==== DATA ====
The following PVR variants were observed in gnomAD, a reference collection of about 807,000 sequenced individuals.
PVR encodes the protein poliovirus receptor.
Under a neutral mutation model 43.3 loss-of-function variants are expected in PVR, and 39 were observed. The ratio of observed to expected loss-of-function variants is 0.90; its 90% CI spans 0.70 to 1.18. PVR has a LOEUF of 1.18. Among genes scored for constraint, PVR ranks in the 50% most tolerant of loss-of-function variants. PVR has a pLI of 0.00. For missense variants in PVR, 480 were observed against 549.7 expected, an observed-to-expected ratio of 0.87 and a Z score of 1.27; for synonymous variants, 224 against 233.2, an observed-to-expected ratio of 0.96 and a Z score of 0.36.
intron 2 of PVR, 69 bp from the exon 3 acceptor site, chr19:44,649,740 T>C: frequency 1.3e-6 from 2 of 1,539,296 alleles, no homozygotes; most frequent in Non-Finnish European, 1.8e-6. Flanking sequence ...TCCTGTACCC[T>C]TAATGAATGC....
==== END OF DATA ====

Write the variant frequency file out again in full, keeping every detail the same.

The following PVR variants were observed in gnomAD, a reference collection of about 807,000 sequenced individuals.
PVR encodes the protein poliovirus receptor.
Under a neutral mutation model 43.3 loss-of-function variants are expected in PVR, and 39 were observed. The ratio of observed to expected loss-of-function variants is 0.90; its 90% CI spans 0.70 to 1.18. PVR has a LOEUF of 1.18. Among genes scored for constraint, PVR ranks in the 50% most tolerant of loss-of-function variants. PVR has a pLI of 0.00. For missense variants in PVR, 480 were observed against 549.7 expected, an observed-to-expected ratio of 0.87 and a Z score of 1.27; for synonymous variants, 224 against 233.2, an observed-to-expected ratio of 0.96 and a Z score of 0.36.
intron 2 of PVR, 69 bp from the exon 3 acceptor site, chr19:44,649,740 T>C: frequency 1.3e-6 from 2 of 1,539,296 alleles, no homozygotes; most frequent in Non-Finnish European, 1.8e-6. Flanking sequence ...TCCTGTACCC[T>C]TAATGAATGC....